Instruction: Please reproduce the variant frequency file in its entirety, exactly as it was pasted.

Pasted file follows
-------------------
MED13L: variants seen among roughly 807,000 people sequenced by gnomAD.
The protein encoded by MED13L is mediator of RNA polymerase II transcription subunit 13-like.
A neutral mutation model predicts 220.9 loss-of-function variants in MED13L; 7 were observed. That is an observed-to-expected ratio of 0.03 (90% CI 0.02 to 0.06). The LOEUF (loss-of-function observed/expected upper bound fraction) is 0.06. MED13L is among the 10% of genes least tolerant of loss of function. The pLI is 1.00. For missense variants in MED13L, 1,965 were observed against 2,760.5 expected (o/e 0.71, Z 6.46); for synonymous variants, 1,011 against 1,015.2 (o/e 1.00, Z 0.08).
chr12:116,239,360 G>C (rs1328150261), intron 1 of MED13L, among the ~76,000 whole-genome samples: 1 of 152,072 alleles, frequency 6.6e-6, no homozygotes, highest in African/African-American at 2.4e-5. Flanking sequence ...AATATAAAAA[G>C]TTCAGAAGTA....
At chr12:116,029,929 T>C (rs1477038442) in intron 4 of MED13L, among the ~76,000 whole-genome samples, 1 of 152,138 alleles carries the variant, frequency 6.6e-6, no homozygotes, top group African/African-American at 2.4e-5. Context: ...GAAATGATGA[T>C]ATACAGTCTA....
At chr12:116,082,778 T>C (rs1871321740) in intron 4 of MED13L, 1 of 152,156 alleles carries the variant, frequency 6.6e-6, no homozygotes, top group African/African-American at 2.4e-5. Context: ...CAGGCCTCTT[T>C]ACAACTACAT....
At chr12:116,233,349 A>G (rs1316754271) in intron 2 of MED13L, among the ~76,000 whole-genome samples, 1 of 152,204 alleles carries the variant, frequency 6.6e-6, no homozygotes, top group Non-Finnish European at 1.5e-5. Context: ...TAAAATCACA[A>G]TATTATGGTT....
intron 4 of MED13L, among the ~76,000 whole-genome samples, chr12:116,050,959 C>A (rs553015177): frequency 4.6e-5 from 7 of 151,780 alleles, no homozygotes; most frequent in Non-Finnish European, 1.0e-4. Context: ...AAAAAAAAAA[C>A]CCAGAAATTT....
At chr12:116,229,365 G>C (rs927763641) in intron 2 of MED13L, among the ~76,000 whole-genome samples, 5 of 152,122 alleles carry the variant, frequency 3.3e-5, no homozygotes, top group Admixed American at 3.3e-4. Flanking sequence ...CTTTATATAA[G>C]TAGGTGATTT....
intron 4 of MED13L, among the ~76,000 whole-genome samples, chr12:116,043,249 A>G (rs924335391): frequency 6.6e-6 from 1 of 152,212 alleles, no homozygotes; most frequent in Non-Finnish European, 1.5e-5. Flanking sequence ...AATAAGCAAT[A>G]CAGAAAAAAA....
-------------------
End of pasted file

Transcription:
MED13L: variants seen among roughly 807,000 people sequenced by gnomAD.
The protein encoded by MED13L is mediator of RNA polymerase II transcription subunit 13-like.
A neutral mutation model predicts 220.9 loss-of-function variants in MED13L; 7 were observed. That is an observed-to-expected ratio of 0.03 (90% CI 0.02 to 0.06). The LOEUF (loss-of-function observed/expected upper bound fraction) is 0.06. MED13L is among the 10% of genes least tolerant of loss of function. The pLI is 1.00. For missense variants in MED13L, 1,965 were observed against 2,760.5 expected (o/e 0.71, Z 6.46); for synonymous variants, 1,011 against 1,015.2 (o/e 1.00, Z 0.08).
chr12:116,239,360 G>C (rs1328150261), intron 1 of MED13L, among the ~76,000 whole-genome samples: 1 of 152,072 alleles, frequency 6.6e-6, no homozygotes, highest in African/African-American at 2.4e-5. Flanking sequence ...AATATAAAAA[G>C]TTCAGAAGTA....
At chr12:116,029,929 T>C (rs1477038442) in intron 4 of MED13L, among the ~76,000 whole-genome samples, 1 of 152,138 alleles carries the variant, frequency 6.6e-6, no homozygotes, top group African/African-American at 2.4e-5. Context: ...GAAATGATGA[T>C]ATACAGTCTA....
At chr12:116,082,778 T>C (rs1871321740) in intron 4 of MED13L, 1 of 152,156 alleles carries the variant, frequency 6.6e-6, no homozygotes, top group African/African-American at 2.4e-5. Context: ...CAGGCCTCTT[T>C]ACAACTACAT....
At chr12:116,233,349 A>G (rs1316754271) in intron 2 of MED13L, among the ~76,000 whole-genome samples, 1 of 152,204 alleles carries the variant, frequency 6.6e-6, no homozygotes, top group Non-Finnish European at 1.5e-5. Context: ...TAAAATCACA[A>G]TATTATGGTT....
intron 4 of MED13L, among the ~76,000 whole-genome samples, chr12:116,050,959 C>A (rs553015177): frequency 4.6e-5 from 7 of 151,780 alleles, no homozygotes; most frequent in Non-Finnish European, 1.0e-4. Context: ...AAAAAAAAAA[C>A]CCAGAAATTT....
At chr12:116,229,365 G>C (rs927763641) in intron 2 of MED13L, among the ~76,000 whole-genome samples, 5 of 152,122 alleles carry the variant, frequency 3.3e-5, no homozygotes, top group Admixed American at 3.3e-4. Flanking sequence ...CTTTATATAA[G>C]TAGGTGATTT....
intron 4 of MED13L, among the ~76,000 whole-genome samples, chr12:116,043,249 A>G (rs924335391): frequency 6.6e-6 from 1 of 152,212 alleles, no homozygotes; most frequent in Non-Finnish European, 1.5e-5. Flanking sequence ...AATAAGCAAT[A>G]CAGAAAAAAA....